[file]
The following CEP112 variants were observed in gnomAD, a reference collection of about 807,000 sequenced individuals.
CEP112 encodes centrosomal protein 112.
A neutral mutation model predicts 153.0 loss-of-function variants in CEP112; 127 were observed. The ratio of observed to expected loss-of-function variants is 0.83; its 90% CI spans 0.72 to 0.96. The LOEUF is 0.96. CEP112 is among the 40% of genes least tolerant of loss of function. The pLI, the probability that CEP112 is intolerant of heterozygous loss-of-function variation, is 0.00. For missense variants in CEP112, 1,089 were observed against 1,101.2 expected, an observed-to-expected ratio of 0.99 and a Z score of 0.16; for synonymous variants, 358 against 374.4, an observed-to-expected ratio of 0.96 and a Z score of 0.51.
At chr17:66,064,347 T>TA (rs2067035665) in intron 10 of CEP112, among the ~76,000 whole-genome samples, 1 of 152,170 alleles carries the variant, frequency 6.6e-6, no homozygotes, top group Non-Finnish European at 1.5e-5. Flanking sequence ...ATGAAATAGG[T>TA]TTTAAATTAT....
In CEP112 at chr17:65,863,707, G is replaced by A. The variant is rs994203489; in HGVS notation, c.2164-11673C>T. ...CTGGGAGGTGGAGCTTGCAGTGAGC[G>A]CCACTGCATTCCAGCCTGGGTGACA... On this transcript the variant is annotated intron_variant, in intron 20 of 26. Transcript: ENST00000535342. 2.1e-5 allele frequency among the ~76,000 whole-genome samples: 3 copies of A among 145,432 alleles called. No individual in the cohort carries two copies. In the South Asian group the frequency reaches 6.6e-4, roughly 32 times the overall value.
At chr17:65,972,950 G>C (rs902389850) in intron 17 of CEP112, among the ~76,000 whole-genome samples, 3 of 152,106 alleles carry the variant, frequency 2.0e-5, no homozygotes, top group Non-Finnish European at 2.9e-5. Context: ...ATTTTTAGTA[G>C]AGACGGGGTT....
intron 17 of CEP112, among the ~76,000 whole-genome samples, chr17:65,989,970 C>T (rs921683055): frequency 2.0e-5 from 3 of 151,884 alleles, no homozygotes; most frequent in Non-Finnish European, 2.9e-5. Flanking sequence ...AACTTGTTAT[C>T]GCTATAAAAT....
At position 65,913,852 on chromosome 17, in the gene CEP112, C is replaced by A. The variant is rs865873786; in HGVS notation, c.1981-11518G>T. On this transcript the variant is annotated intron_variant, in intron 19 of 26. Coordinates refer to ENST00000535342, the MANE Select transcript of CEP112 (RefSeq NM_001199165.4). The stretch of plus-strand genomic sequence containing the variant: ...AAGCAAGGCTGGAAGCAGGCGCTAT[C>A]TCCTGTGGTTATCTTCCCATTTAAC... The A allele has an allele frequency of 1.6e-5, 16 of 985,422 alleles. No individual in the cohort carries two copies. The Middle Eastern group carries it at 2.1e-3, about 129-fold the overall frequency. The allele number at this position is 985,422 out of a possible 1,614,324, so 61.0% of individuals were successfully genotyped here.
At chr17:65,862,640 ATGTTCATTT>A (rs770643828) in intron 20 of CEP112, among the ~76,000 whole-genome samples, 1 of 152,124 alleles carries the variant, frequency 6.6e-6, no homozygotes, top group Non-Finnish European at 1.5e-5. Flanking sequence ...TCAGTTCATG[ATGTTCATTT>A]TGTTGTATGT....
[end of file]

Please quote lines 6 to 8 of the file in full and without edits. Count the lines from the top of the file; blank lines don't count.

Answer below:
At chr17:65,972,950 G>C (rs902389850) in intron 17 of CEP112, among the ~76,000 whole-genome samples, 3 of 152,106 alleles carry the variant, frequency 2.0e-5, no homozygotes, top group Non-Finnish European at 2.9e-5. Context: ...ATTTTTAGTA[G>C]AGACGGGGTT....
intron 17 of CEP112, among the ~76,000 whole-genome samples, chr17:65,989,970 C>T (rs921683055): frequency 2.0e-5 from 3 of 151,884 alleles, no homozygotes; most frequent in Non-Finnish European, 2.9e-5. Flanking sequence ...AACTTGTTAT[C>T]GCTATAAAAT....
At position 65,913,852 on chromosome 17, in the gene CEP112, C is replaced by A. The variant is rs865873786; in HGVS notation, c.1981-11518G>T. On this transcript the variant is annotated intron_variant, in intron 19 of 26. Coordinates refer to ENST00000535342, the MANE Select transcript of CEP112 (RefSeq NM_001199165.4). The stretch of plus-strand genomic sequence containing the variant: ...AAGCAAGGCTGGAAGCAGGCGCTAT[C>A]TCCTGTGGTTATCTTCCCATTTAAC... The A allele has an allele frequency of 1.6e-5, 16 of 985,422 alleles. No individual in the cohort carries two copies. The Middle Eastern group carries it at 2.1e-3, about 129-fold the overall frequency. The allele number at this position is 985,422 out of a possible 1,614,324, so 61.0% of individuals were successfully genotyped here.